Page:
Sean, this is for you and all those like you out there.
Almost every bodybuilder in the world, from the beginning amateur to the well-seasoned professional has one or more muscle group(s) that is outstanding or otherwise dominanat. Here are a few examples: Tom Platz: legs, Lee Priest: biceps, Pam Anderson: boobs.
These attributes or genetic blessings can sometimes do more harm than good because they put your body out of proportion with the remaining muscle groups. Not only can this make a bodybuilder have to work harder on everything else, but it can also lead to less-than-desirable rankings.
From the above two pictures you can see that these two guys are absolutely blessed but your eye is drawn to one particular area. This is good on the beach but not so desirable on the posing stage. With that in mind, I am going to make a few suggestions to those of you who are suffering from geneticgiftitis.
Step 1: Assess The Situation
The first place to start is the mirror. Take a good look at yourself and determine if you have a particular bodypart that is more pronounced or what that appears to lag when compared to the others.
- Proportion is comparison of one muscle group to surrounding muscle groups (chest in proportion to shoulders).
- Symmetry is comparison of one side versus the other (right versus left).
The two are very different but equally important in bodybuilding.
As you can see with the above pictures I made a little progress in my lower half as far as overall size because I looked at the photo on the left and tried to improve. Once you have checked yourself in the mirror, move on to Step 2.
Step 2: Determine Genetics vs. Poor Training
One theory is that you might have oversized biceps because that is the only thing you train. I had friends like this in high school. Always doing curls, never doing squats. This might get the attention of the girls when you are fully dressed but boy will you be embarrassed at the beach when you don the speedo. You will look like a pyramid turned upside down.
What you need to figure out at this point is whether or not your dominant part is due to genetic makeup (fiber-type, muscle origin/insertion, muscle length, bone structure, etc.) or training neglect (skipping other body parts). Once you have done this, move to Step 3.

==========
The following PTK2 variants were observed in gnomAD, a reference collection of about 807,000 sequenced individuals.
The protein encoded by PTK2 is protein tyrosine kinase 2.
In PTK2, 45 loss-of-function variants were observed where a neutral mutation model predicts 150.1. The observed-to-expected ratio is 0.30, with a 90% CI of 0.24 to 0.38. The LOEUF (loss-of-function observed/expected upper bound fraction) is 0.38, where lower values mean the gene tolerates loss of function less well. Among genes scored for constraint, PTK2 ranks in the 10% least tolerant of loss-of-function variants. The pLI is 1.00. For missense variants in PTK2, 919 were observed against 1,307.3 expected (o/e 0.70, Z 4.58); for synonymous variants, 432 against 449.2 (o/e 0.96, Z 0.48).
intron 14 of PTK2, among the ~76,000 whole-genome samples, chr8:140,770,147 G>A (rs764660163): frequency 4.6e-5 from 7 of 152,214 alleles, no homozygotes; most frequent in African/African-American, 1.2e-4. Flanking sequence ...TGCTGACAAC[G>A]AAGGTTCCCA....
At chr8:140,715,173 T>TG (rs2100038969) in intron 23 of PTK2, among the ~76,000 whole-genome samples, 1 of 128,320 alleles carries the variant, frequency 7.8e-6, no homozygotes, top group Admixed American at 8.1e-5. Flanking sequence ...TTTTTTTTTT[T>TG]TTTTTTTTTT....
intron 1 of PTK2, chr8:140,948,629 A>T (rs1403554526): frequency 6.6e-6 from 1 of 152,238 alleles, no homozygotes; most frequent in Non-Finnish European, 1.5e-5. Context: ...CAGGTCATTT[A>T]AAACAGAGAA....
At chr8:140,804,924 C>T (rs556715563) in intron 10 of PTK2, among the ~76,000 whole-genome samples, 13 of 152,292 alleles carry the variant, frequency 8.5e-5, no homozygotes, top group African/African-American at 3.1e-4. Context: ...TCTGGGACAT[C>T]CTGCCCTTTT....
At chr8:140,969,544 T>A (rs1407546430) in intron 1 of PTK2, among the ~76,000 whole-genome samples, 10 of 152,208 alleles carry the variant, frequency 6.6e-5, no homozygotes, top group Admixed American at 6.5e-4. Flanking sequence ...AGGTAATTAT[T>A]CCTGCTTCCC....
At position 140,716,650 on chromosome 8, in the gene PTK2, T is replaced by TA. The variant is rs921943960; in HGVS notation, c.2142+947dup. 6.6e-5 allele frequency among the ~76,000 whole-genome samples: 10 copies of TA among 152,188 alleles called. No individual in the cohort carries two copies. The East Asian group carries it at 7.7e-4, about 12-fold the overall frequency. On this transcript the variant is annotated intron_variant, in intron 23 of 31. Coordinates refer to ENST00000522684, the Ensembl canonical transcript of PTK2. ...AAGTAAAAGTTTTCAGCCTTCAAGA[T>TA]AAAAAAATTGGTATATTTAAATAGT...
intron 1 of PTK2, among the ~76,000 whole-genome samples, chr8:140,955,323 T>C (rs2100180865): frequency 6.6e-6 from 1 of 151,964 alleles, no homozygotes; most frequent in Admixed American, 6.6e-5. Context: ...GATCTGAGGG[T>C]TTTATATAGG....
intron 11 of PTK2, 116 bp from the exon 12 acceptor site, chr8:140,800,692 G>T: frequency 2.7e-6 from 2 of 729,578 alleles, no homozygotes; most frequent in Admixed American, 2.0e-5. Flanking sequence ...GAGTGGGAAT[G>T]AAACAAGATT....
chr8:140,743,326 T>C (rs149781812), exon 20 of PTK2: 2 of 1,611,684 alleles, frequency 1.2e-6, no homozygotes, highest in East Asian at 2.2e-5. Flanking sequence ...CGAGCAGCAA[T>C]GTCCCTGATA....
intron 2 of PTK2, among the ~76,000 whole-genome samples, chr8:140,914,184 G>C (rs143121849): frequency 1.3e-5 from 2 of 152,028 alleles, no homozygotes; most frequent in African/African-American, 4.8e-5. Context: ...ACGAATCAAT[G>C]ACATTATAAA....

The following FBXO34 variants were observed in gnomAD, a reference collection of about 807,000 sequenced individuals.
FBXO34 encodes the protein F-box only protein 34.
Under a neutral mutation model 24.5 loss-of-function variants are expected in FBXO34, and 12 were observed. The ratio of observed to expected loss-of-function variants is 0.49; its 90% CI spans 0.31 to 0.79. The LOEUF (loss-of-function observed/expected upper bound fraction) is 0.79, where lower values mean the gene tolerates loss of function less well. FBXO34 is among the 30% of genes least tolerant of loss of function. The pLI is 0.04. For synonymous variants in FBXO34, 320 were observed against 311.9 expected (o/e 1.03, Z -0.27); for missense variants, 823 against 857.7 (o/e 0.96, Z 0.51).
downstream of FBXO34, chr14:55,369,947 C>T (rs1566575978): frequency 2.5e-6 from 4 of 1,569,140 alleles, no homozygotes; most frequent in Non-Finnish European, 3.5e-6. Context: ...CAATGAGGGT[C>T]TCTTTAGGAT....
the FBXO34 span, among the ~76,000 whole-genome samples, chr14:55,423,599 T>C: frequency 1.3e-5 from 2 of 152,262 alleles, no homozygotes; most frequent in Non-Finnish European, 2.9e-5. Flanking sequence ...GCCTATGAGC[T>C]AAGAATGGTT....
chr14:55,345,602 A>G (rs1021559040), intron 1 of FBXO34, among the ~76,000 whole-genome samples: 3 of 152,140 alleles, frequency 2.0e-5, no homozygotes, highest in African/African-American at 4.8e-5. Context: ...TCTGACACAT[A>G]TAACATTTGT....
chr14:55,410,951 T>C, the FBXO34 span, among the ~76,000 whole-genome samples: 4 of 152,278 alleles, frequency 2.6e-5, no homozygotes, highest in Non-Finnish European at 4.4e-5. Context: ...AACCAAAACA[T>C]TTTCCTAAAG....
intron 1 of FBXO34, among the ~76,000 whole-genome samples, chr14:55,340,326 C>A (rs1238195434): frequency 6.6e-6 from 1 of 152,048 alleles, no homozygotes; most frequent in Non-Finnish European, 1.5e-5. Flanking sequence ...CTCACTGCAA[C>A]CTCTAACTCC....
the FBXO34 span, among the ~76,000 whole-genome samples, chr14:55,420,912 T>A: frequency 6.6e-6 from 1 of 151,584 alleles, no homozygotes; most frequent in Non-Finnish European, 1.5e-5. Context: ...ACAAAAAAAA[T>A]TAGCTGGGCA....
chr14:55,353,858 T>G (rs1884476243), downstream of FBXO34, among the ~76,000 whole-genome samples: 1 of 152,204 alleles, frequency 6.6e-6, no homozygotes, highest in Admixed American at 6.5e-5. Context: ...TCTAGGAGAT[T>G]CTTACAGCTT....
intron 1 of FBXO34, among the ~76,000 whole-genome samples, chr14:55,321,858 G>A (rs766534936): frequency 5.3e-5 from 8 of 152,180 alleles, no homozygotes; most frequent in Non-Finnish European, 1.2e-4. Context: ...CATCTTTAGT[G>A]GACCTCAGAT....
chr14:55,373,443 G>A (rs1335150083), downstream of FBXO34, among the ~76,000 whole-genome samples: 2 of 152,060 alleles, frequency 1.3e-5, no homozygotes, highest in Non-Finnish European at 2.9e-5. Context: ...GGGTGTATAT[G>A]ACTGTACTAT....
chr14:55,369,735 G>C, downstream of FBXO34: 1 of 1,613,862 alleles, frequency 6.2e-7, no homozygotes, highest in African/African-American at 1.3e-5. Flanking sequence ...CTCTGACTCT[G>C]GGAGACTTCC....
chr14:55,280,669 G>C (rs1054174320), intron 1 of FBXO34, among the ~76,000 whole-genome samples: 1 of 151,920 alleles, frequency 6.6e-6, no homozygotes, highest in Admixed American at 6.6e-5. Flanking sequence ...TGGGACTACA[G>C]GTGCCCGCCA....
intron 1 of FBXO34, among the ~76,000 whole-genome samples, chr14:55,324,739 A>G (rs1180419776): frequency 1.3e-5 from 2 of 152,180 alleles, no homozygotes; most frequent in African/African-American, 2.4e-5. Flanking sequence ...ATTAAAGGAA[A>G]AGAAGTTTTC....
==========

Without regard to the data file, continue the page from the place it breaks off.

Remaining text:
Step 3: Assessment Of Training Philosophy
At this point you need to get out that training journal that I have harped on you about for 6 months and look at what you are doing in you program. If you don't have one, you are SOL. Take a look at when you are training either the dominant or lagging muscle group. Also, determine how you are working it (reps, sets, number of exercises).
Finally, are you training it with another body part? If so, are you doing it before or after the other muscle group? Now, move to Step 4.
Step 4: Fixing The Problem
This is the section that is most crucial to improving your physique as well as your competition results. Right now we know not only what the problem is but why it exists. Now we have to modify our training.
Change Training Days:
If the involved muscle group is lagging try moving it up in your weekly program. For example, I was having difficult getting my biceps and hamstrings to catch up with my quads and triceps so I moved them to Monday, the first day in my program.
This puts you training the undersized muscles earlier in the week when you are hopefully a little more energetic and eager to train the hell out of your body as well as limit the possibility that you might miss training it.